On one hand, these are relatively bullish outlooks, both for the broader market and the individual businesses. That provides room for an argument that fertilizer stocks could be poised for a long-awaited rebound -- and a possible return to leading dividend stocks.

On the other hand, fertilizer selling prices are increasing at a snail's pace, and achieving a sustainable market balance is far from certain. That's especially true considering farmer incomes in the United States are expected to be 35% lower in 2018 than in 2013. That will severely limit upward momentum in fertilizer prices for at least one more harvest. 

That's enough for investors to tread carefully with fertilizer stocks, but there's another important consideration: debt.

A row of four glass jars with successively more coins in each and the final one having a plant growing out of it.

Image source: Getty Images.

Work left to do

Nutrien, Mosaic, and CF Industries all have plans to keep reducing debt, but some efforts are more serious than others -- and the success of all three hinges on higher selling prices.

Consider that all three major producers have historically high leverage ratios (debt to EBITDA). While some of that is due to a lingering bear market for fertilizer selling prices (resulting in lower EBITDA), the businesses aren't well-positioned to endure sour market conditions for much longer, as creditors and credit rating agencies want to see leverage ratios that are less than half of current levels. 

NTR Financial Debt to EBITDA (TTM) Chart

NTR Financial Debt to EBITDA (TTM) data by YCharts.

Nutrien expects to sell all of its equity stake in Sociedad Quimica y Minera de Chile (SQM) for net proceeds of $4 billion to $5 billion. That will take a serious bite out of the balance sheet's $8 billion in long-term debt, making the company's 3% dividend yield more sustainable and better positioning Nutrien to capitalize on an improving market.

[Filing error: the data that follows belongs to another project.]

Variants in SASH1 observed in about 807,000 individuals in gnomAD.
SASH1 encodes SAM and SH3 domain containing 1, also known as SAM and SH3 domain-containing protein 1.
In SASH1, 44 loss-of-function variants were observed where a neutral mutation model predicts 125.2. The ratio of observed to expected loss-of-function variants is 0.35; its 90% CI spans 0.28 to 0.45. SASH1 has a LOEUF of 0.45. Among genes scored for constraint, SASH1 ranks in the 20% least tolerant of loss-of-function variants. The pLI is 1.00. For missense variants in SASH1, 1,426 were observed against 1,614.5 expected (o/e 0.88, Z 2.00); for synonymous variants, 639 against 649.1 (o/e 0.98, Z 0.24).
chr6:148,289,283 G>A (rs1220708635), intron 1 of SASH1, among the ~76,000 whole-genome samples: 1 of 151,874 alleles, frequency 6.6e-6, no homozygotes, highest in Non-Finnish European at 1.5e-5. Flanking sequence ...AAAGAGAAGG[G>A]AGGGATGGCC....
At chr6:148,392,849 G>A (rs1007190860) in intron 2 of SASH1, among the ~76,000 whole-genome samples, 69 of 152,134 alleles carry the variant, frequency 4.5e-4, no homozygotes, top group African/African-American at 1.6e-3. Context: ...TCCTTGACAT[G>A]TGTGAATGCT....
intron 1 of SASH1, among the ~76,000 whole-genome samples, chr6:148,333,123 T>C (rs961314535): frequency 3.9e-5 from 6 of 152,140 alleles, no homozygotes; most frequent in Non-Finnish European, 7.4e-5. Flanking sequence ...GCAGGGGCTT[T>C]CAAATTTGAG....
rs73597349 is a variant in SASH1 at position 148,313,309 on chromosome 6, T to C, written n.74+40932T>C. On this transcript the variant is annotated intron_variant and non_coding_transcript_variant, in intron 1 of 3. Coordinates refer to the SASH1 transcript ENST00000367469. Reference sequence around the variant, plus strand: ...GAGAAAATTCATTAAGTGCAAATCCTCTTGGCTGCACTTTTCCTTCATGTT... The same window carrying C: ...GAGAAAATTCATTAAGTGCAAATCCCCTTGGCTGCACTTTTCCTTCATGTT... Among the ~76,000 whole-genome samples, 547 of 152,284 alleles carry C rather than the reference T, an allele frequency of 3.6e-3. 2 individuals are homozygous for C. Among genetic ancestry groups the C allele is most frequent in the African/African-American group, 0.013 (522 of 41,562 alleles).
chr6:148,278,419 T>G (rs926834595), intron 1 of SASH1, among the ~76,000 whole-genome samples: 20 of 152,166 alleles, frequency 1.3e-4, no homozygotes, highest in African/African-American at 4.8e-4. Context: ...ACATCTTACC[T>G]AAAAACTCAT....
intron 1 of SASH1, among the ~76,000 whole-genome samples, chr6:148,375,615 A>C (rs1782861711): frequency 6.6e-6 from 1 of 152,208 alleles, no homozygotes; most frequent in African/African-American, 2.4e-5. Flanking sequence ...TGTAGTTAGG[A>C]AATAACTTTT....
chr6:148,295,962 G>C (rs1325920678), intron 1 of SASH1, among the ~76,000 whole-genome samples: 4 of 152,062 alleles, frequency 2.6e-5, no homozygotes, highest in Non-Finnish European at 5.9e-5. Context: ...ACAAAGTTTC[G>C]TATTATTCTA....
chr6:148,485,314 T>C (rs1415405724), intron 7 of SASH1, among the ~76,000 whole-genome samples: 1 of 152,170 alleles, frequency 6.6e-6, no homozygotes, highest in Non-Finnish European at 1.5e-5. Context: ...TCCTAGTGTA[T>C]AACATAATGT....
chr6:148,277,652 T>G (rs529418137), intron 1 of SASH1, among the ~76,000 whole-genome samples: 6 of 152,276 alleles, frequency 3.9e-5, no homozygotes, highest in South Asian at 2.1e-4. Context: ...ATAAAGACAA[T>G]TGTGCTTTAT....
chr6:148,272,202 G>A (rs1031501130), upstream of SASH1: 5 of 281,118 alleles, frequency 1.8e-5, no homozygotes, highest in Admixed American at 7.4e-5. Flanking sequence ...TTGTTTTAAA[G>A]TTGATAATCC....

For its part, Mosaic plans to reduce its long-term debt by $500 million this year, and it has already made $300 million in payments. However, it had $5.1 billion in debt at the end of the first quarter. Seeing as it already pays one of the weakest dividends in the industry, with a yield of just 0.3%, investors shouldn't expect it to catch up to peers any time soon.

CF Industries has about as much long-term debt ($4.6 billion) as Mosaic, and its dividend is about the same (yielding 2.6%) as Nutrien's. What should investors make of that? Well, it reduced its long-term debt by over $1 billion in 2017 compared to the prior year, and the all-cash acquisition of Terra Nitrogen will provide an extra $40 million in annual net income, good for an 11% boost. But that may only be enough to maintain the balance sheet's status quo in the near term.

A question mark on a card atop a wooden surface.

Image source: Getty Images.

Investors should be picky if they move in the industry

Fertilizer stocks have headed higher in 2018 on the belief that the market is improving. While that's a generally accurate view, investors who dig into the details will see that the improvements are relatively small. Then again, given nearly five years of misery, even a small sign of life is welcome news.

That said, it still might be a little too early for investors to jump into the fertilizer industry without being selective. Aside from Nutrien's ability to sell its stake in SQM, major fertilizer producers have limited options at their disposal to improve their balance sheets outside of significantly higher selling prices. That could limit the ability of Mosaic and CF Industries to increase their dividends for the foreseeable future, especially considering they'll need to prioritize cleaning up their balance sheets.

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Maxx Chatsko has no position in any of the stocks mentioned. The Motley Fool has no position in any of the stocks mentioned. The Motley Fool has a disclosure policy.